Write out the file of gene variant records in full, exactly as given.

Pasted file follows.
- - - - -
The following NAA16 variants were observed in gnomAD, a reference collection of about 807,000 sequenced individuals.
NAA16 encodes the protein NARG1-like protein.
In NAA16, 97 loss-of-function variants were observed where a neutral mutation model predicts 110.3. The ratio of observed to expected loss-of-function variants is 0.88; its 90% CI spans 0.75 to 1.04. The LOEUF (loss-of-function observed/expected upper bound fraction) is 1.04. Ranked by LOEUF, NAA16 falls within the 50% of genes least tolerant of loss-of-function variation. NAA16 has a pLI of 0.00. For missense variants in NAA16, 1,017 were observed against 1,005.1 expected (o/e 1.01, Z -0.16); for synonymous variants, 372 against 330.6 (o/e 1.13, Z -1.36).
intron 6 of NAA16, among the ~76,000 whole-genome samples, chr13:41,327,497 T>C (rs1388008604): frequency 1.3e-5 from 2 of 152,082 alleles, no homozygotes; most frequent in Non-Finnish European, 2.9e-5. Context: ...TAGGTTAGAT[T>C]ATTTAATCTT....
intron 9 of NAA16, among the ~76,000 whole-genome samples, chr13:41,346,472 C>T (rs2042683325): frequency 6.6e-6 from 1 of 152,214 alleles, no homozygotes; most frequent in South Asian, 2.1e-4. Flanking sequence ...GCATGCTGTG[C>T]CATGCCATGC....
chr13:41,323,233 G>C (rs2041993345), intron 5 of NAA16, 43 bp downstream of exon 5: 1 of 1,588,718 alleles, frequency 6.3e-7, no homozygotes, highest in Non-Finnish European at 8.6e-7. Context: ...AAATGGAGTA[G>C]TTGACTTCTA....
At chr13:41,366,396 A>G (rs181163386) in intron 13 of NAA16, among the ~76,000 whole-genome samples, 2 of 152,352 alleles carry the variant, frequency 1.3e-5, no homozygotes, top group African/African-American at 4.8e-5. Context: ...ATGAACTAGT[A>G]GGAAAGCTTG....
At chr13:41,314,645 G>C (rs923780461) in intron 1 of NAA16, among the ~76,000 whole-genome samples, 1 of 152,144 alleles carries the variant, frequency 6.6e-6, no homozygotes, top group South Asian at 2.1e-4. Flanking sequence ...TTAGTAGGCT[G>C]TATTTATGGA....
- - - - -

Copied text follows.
The following NAA16 variants were observed in gnomAD, a reference collection of about 807,000 sequenced individuals.
NAA16 encodes the protein NARG1-like protein.
In NAA16, 97 loss-of-function variants were observed where a neutral mutation model predicts 110.3. The ratio of observed to expected loss-of-function variants is 0.88; its 90% CI spans 0.75 to 1.04. The LOEUF (loss-of-function observed/expected upper bound fraction) is 1.04. Ranked by LOEUF, NAA16 falls within the 50% of genes least tolerant of loss-of-function variation. NAA16 has a pLI of 0.00. For missense variants in NAA16, 1,017 were observed against 1,005.1 expected (o/e 1.01, Z -0.16); for synonymous variants, 372 against 330.6 (o/e 1.13, Z -1.36).
intron 6 of NAA16, among the ~76,000 whole-genome samples, chr13:41,327,497 T>C (rs1388008604): frequency 1.3e-5 from 2 of 152,082 alleles, no homozygotes; most frequent in Non-Finnish European, 2.9e-5. Context: ...TAGGTTAGAT[T>C]ATTTAATCTT....
intron 9 of NAA16, among the ~76,000 whole-genome samples, chr13:41,346,472 C>T (rs2042683325): frequency 6.6e-6 from 1 of 152,214 alleles, no homozygotes; most frequent in South Asian, 2.1e-4. Flanking sequence ...GCATGCTGTG[C>T]CATGCCATGC....
chr13:41,323,233 G>C (rs2041993345), intron 5 of NAA16, 43 bp downstream of exon 5: 1 of 1,588,718 alleles, frequency 6.3e-7, no homozygotes, highest in Non-Finnish European at 8.6e-7. Context: ...AAATGGAGTA[G>C]TTGACTTCTA....
At chr13:41,366,396 A>G (rs181163386) in intron 13 of NAA16, among the ~76,000 whole-genome samples, 2 of 152,352 alleles carry the variant, frequency 1.3e-5, no homozygotes, top group African/African-American at 4.8e-5. Context: ...ATGAACTAGT[A>G]GGAAAGCTTG....
At chr13:41,314,645 G>C (rs923780461) in intron 1 of NAA16, among the ~76,000 whole-genome samples, 1 of 152,144 alleles carries the variant, frequency 6.6e-6, no homozygotes, top group South Asian at 2.1e-4. Flanking sequence ...TTAGTAGGCT[G>C]TATTTATGGA....